At Exeter University, I had just fallen out of favor because of the ‘Smallwood Report’ and the complaint my involvement in it prompted by Charles’ first private secretary (full story in my memoir). After the ‘Dodgy Originals story’ had hit the papers, I was summoned ominously to my dean, Prof John Tooke, who probably had intended to give me a dressing down of major proportions. By the time we were able to meet, a few weeks later, the MHRA had already reprimanded Duchy Originals for misleading advertising which took most of the wind out of Tooke’s sail. The dressing down thus turned into something like “do you have to be so undiplomatic all the time?”.
Several months later, I was invited by the Science Media Centre, London, to give a lecture on the occasion of my retirement (Fiona Fox, the head of the SMC, had felt that, since my own University does not have the politeness to run a valedictory lecture for me, she will organize one for journalists). In that short lecture, I tried to summarize 19 years of research which inevitably meant briefly mentioning Charles and his foray into detox.
When I had finished, there were many questions from the journalists. Jenny Hope from the Daily Mail asked, “You mentioned snake-oil salesmen in your talk, and you also mentioned Prince Charles and his tinctures. Do you think that Prince Charles is a snake-oil salesman?” My answer was brief and to the point: “Yes“. The next day, this was all over the press. The Mail’s article was entitled ‘Charles? He’s just a snake-oil salesman: Professor attacks prince on ‘dodgy’ alternative remedies‘.
The advice of Tooke (who by then had left Exeter) to be more diplomatic had evidently not borne fruits (but the tinctures were discreetly taken off the market).
Diplomatic or honest?
This has been a question that I had to ask myself regularly during my 19 years at Exeter. For about 10 years, I had tried my best to walk the ‘diplomatic route’. When I realised that, in alternative medicine, the truth is much more important than diplomacy, I gradually changed … and despite all the hassle and hardship it brought me, I do not regret the decision.
The homeopath’s name is Grace DaSilva-Hill. She has been a professional homeopath since 1997, with a clinic in Charing (Kent) and international on Zoom, Skype or WhatsApp video. She practises Sensation Homeopathy as refined by Drs Joshis (Mumbai), and Homeopathic Detox Therapy as developed by Dr Ton Jensen. She is also a practitioner of EFT-Tapping. In 2014, Grace very nearly saved the world with homeopathy – well, at least she gave it her very best try. Here is her original plan:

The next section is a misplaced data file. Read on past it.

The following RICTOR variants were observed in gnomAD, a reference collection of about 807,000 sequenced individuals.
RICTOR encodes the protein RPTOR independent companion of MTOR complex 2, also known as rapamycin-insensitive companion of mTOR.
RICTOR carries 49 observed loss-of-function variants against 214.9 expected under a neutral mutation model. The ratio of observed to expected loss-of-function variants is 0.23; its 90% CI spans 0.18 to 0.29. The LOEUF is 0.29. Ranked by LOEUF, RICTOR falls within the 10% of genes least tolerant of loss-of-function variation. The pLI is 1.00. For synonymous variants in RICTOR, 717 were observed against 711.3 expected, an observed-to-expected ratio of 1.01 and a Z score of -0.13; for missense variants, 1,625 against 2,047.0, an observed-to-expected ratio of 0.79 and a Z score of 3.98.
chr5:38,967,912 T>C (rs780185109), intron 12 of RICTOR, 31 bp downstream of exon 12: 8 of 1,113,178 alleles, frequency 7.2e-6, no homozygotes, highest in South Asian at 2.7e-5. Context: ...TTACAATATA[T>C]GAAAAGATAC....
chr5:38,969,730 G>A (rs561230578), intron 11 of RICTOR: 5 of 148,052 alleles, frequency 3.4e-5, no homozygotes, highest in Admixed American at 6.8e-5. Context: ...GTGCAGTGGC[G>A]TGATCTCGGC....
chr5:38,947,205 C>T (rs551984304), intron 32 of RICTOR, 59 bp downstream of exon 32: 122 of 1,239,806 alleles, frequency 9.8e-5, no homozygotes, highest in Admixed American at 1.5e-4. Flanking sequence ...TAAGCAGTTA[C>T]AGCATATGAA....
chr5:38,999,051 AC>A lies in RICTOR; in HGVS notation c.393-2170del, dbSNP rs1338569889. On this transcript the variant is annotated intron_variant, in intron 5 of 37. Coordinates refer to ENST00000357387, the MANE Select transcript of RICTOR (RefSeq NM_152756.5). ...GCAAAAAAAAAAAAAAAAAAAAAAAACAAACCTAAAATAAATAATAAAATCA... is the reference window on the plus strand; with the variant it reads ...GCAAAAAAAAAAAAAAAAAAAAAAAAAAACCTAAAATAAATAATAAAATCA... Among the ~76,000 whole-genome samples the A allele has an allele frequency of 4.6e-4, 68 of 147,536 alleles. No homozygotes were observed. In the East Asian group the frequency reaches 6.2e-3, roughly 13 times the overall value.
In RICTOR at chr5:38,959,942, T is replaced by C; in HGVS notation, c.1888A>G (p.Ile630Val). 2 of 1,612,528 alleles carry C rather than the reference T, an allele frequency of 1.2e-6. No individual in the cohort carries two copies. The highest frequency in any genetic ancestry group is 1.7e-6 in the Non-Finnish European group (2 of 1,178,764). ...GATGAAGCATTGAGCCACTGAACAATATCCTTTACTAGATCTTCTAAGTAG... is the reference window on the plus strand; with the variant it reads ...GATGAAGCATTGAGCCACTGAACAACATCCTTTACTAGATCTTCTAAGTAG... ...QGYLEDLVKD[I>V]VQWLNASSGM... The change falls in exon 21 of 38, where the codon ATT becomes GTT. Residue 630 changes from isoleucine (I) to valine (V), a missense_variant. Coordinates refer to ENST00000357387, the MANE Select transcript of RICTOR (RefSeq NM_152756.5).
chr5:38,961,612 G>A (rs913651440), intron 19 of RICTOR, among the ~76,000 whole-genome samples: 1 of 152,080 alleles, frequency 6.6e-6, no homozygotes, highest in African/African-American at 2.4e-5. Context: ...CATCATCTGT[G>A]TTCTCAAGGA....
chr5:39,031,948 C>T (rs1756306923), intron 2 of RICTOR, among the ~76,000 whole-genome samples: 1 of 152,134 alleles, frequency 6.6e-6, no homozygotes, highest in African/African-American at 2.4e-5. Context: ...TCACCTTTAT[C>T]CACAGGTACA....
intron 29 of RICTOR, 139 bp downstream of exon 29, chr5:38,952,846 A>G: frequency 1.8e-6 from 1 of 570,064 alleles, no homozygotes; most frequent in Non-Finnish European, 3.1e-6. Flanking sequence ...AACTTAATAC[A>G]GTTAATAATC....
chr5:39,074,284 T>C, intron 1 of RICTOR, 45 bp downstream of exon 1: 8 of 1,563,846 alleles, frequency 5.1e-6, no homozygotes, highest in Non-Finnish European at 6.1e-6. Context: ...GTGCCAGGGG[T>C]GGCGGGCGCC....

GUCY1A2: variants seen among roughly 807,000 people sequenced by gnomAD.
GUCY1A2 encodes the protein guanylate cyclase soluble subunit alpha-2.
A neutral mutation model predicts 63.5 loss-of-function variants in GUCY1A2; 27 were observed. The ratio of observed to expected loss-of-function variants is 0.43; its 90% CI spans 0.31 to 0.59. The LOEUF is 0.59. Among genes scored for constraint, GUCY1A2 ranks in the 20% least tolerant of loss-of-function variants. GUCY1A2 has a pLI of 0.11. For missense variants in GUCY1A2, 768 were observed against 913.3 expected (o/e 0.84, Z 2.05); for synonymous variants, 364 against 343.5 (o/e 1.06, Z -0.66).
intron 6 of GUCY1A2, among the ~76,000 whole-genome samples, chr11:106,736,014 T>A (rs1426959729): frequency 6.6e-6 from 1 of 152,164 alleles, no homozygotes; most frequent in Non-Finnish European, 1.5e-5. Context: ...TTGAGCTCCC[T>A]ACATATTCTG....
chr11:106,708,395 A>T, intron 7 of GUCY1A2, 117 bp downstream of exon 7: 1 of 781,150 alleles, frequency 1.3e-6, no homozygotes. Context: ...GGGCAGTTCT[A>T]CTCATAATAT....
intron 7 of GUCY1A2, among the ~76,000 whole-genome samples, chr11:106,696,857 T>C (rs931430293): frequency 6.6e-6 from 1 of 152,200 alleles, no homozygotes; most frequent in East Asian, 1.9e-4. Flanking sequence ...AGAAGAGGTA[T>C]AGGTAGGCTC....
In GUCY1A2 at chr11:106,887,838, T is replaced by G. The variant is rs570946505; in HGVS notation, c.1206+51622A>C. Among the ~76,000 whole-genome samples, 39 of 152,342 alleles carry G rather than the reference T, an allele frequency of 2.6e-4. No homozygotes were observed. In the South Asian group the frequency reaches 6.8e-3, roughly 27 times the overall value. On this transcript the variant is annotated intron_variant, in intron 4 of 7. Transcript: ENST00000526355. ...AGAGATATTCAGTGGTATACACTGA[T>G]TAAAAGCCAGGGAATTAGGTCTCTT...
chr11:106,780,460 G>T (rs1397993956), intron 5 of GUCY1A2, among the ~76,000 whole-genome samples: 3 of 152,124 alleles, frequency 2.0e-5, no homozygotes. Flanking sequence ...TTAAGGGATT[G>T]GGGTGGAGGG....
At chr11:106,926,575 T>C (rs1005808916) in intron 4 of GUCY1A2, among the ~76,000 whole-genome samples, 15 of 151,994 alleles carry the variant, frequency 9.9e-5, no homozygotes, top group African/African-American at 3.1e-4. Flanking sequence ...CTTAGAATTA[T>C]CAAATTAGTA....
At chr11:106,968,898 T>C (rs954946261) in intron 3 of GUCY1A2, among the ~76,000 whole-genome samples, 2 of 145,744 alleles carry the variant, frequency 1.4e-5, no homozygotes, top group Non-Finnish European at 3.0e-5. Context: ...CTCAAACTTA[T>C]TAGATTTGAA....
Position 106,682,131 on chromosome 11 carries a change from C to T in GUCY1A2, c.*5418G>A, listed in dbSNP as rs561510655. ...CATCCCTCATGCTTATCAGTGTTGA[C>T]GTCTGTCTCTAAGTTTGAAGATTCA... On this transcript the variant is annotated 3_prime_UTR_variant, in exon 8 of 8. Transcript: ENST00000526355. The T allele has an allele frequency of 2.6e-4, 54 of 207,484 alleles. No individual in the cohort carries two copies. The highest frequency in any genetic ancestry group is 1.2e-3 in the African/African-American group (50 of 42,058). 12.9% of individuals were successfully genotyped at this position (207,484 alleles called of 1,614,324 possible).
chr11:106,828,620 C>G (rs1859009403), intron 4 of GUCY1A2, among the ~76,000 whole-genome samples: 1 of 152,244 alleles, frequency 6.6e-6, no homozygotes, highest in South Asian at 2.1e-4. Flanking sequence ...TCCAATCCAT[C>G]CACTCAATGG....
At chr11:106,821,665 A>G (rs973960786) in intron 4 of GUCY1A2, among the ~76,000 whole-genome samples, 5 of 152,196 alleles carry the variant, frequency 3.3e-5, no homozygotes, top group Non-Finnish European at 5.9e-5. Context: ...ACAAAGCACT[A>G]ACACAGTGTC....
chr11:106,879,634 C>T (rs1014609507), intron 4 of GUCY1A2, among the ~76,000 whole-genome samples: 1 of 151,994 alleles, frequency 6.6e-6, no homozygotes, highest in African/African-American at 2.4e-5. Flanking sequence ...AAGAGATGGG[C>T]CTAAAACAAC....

Yes, I agree, that’s hilarious! And it’s hilarious in more than one way:
- It is funnier than any comedian’s attempt to ridicule homeopathy.
- It is a highly effective approach by homeopaths to discrediting themselves.
But, at the same time, it is also worrying. Homeopaths are taken seriously by many influential people. Think of Prince Charles, for instance, or consider the way German homeopaths have convinced the government of Bavaria to invest in research into the question of how homeopathy can be used to reduce antibiotic resistance.
At the time, the formidable Andy Lewis on his QUACKOMETER commented as follows:
We might dismiss this as the fantasies of a small group of homeopaths. However, such thinking is widespread in homeopathic circles and has consequences. Grace is a well known homeopath in the UK, and in the past, has been a trustee and treasurer for the Ghana Homeopathy Project – an organisation that has been exporting this European form of quackery to West Africa. Grace believes that serious illnesses can be treated by a homeopath. For an article in the journal of the Alliance of Registered Homeoapths, Grace discusses treating such conditions as menigitis, malaria and stroke.
Homeopaths in West Africa have hit the news this week as a group tried to enter Liberia in order to use their spells on people with Ebola. The WHO fortunately tried not let them near any actual sick people and they have been kicking and screaming since. The Daily Mail’s rather dreadful article reported that they
“had used homeopathic treatments on patients, despite the instructions from health officials in the capital Monrovia not to do so. She said she had not felt the need to quarantine herself after returning to India but was monitoring her own condition for any signs of the disease.”
The homeopaths appear to have absolutely no understanding how dangerous and irresponsible their actions have been….